An inland sea divided North America east to west 90 million years ago (‘mya’). During this time sediments were deposited at the bottom of that sea, forming the oldest rocks in the park. Before the canyon was filled with hoodoos it was filled with water. I am particularly interested for some reason in the fact that much of North America was at one time split by an ocean seaway. How can that possibly be? How weird is that desert regions like the American southwest were at one time inundated by this interior seaway? This has been called the Cretaceous Western Interior Seaway. When this interior seaway covered much of North America, including Manitoba, coal, sandstone, and mudstone accumulated along the western edge of this seaway. If it had accumulated on the eastern edge we might be richer here in Manitoba today. What a pity. During this time what we now call the Gulf of Mexico penetrated north across the low plains of central North America and joined the waters that were advancing from the northern Arctic Ocean. This incredible seaway in time submerged the entire region where the Rocky Mountains are now found (though they were not in existence yet at that time). This great interior seaway divided North America into two island continents!
Between 55 and 40 mya years ago much of Utah was a basin of water encircled by mountains. That seems impossible now because it is so dry. Yet for millions of years rivers deposited sediments –mainly dissolved limestone—into a system of large lakes at the top of the Plateau . 20 mya ago, as the Colorado Plateaubegan to be uplifted the lakes dried up and their mixtures of sediments became the muddy limestone that geologists now refer to as the Claron Formation. Then massive tectonic plate activity from 20 to 15 mya began to push up an incredible part of the Earth’s crust. Eventually this uplifted the region by an astonishing 2 miles, creating the 130,00 sq. mile Colorado Plateau that I have come to know a little bit and love a lot.
If one stand on the rim of one of the amphitheaters in Bryce Canyon and thinks about things like this one’s mind is expanded to near stretching limits. The world is and has been a very strange place and much of that strangeness can be detected right here at Bryce. This ancient world has been recorded in stone. That stone of course was subject to what Decourten called “Water, wind, gravity—nature’s wrecking crew—worked in concert to efface and obscure. He also said, The erosion which removed much of the younger layers created this glorious shrine to the dynamic artistry of geologic processes. Whatever else Bryce Canyon National Park may be, it is certainly a monument to erosion.
What we saw today was the product of massive rock layers that had been uplifted and fractured over millions of years and then submitted to the relentless never-ending forces of erosion. Those forces are not at sleep today. They never sleep. What we see tomorrow will also be the product of those same forces.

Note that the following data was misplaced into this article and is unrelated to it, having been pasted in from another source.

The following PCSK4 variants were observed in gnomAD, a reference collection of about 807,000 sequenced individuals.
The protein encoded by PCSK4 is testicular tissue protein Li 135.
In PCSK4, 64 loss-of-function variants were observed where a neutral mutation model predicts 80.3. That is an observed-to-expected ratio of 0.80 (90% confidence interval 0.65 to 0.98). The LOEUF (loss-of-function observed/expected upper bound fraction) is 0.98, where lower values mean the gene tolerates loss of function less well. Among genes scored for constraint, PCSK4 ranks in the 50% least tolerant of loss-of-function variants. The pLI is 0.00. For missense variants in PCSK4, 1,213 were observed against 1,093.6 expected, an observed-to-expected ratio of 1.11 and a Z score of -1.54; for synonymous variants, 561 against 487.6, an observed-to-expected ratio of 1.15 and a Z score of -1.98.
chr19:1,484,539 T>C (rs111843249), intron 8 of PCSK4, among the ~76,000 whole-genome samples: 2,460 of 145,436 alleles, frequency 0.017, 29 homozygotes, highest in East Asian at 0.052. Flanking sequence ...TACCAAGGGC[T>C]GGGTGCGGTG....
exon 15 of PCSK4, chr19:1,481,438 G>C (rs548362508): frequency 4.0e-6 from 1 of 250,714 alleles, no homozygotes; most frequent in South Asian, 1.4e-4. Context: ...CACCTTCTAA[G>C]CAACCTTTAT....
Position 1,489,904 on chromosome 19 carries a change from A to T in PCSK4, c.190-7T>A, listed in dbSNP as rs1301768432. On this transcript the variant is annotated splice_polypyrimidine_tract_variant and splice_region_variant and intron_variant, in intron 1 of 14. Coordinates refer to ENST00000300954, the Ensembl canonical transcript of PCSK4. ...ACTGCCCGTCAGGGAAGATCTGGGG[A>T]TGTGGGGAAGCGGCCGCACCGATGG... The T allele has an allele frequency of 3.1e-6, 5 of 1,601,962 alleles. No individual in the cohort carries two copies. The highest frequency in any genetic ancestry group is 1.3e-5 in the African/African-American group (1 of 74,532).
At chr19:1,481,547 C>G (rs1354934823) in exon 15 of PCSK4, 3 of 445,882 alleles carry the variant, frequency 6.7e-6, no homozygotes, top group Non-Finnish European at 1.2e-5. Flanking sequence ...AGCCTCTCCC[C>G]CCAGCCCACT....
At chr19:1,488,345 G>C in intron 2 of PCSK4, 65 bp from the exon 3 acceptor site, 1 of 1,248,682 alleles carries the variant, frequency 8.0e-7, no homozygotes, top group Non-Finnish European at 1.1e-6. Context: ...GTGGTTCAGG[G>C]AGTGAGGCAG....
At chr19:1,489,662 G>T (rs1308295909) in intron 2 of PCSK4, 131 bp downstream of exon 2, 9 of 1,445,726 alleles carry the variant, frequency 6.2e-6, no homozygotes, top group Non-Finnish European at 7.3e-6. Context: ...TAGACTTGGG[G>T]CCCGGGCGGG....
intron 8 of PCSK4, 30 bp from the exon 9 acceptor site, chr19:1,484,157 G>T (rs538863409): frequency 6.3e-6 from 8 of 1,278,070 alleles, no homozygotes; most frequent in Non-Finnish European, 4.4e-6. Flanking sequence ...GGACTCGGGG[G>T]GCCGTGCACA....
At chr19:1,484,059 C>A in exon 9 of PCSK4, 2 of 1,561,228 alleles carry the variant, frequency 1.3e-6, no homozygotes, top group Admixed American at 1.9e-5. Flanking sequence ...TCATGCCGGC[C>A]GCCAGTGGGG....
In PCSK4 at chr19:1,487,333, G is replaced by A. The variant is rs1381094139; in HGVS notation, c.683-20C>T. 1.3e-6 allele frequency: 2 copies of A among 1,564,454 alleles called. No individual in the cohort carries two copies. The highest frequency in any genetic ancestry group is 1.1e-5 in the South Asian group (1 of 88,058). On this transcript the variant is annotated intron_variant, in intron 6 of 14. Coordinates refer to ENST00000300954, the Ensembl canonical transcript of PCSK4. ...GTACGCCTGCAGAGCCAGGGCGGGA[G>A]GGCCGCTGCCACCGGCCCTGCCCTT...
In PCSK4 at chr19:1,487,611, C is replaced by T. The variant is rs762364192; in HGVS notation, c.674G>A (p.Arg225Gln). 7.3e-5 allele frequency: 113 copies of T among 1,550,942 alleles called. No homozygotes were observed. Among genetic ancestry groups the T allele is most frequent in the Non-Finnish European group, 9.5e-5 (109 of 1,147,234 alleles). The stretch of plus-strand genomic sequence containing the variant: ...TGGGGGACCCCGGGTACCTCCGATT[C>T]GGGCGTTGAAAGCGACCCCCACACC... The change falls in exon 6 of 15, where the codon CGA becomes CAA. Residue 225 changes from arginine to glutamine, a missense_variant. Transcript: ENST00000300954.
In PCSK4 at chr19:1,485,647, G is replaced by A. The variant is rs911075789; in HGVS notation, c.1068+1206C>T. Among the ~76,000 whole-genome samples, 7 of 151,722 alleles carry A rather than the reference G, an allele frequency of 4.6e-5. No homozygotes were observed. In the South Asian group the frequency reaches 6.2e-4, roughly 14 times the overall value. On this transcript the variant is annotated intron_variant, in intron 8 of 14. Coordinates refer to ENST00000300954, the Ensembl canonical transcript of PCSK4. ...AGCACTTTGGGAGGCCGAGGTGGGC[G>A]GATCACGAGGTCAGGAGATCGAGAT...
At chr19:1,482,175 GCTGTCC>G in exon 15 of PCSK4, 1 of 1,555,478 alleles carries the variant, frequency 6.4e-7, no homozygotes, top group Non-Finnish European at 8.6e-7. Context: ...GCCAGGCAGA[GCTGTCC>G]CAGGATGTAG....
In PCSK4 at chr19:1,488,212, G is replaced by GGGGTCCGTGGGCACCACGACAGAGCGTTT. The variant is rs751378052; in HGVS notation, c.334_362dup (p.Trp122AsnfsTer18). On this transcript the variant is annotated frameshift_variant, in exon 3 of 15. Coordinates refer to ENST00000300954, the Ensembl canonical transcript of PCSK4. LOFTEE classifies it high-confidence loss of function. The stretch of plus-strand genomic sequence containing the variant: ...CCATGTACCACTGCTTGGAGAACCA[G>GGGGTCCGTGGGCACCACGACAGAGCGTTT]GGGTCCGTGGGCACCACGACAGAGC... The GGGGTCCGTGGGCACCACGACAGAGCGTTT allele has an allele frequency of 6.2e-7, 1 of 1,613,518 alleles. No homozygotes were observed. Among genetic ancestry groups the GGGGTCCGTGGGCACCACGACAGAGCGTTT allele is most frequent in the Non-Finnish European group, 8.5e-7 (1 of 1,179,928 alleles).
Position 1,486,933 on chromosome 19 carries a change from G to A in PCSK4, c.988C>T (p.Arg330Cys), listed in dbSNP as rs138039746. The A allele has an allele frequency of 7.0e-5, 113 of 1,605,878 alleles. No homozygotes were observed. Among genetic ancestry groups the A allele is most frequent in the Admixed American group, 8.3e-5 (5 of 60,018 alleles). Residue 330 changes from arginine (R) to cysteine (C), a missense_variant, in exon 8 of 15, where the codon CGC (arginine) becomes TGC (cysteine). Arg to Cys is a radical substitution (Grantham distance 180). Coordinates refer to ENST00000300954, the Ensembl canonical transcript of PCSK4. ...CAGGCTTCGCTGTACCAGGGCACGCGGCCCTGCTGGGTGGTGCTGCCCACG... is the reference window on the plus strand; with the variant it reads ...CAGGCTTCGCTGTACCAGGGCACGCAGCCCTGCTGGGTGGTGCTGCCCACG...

I have fallen in love with geology the study of how these forces have shaped our wonderful planet. That is to me an astonishing admission. I would never have dreamed this were possible when I was a liberal arts student as an undergraduate at the University of Manitoba. I despised all science. I was enamoured of the arts and humanities. Science was irrelevant. Now I know how foolish I was. Science is critically important to understanding our world. If we understand it, even if we don’t solve all of its mysteries, we can’t help but love it and if we love it we will try to care for it. That is why science—just like arts and humanities—is vitally important.
Our next stop was one of my favourite—i.e. Natural Bridge formed through the erosion of rock by streams or rivers. This window or arch formed from a combination of processes. First, frost wedging, which is the expanding of cracks in rock as water turns to ice, weakened the rock. Then over time, dissolution occurred as a result of chemical dissolving of the rock by rainwater that cut away at the top and sides of this wall of rock. Over time the relentless force of gravity pulled loose the weakened pieces of rock at the center and that created a hole in the wall that we could clearly see and photograph today. That is why the “bridges” of Bryce Canyon, such as Natural Bridge, are spectacular examples of arches that, like the hoodoos, are constantly at risk of destruction as the never ending forces of erosion chip away at the rock. Nothing stands in the way of time. Everything changes.
2 thoughts on “Bryce National Park: “Poetry in Stone””
Didn’t law students have to take a science course? I remember having to do a science elective for my BA. I chose Rocks and Stars two electives in astronomy and geology that ran in summer and were for people like me who hadn’t majored in the sciences. Both piqued my interest. I am so loving these posts about Utah Hans since Dave and I will visit in October. We need to get together so you can help us plan our driving route. I will use your posts as a guide just like I used all your notes about New Zealand to plan our trip there years ago. They were so helpful.
Law Students are not required to take any science courses. Arts students in my day (I think it is the same but am not sure) had to take at least one science course. One of the reasons I enrolled in Honours Arts was to avoid this because science was not required. I now regret that deeply as I wish I had a science background. I love geology and biology (particularly botany). After all, I am a flower child. I would love to get together to discuss Iceland/Utah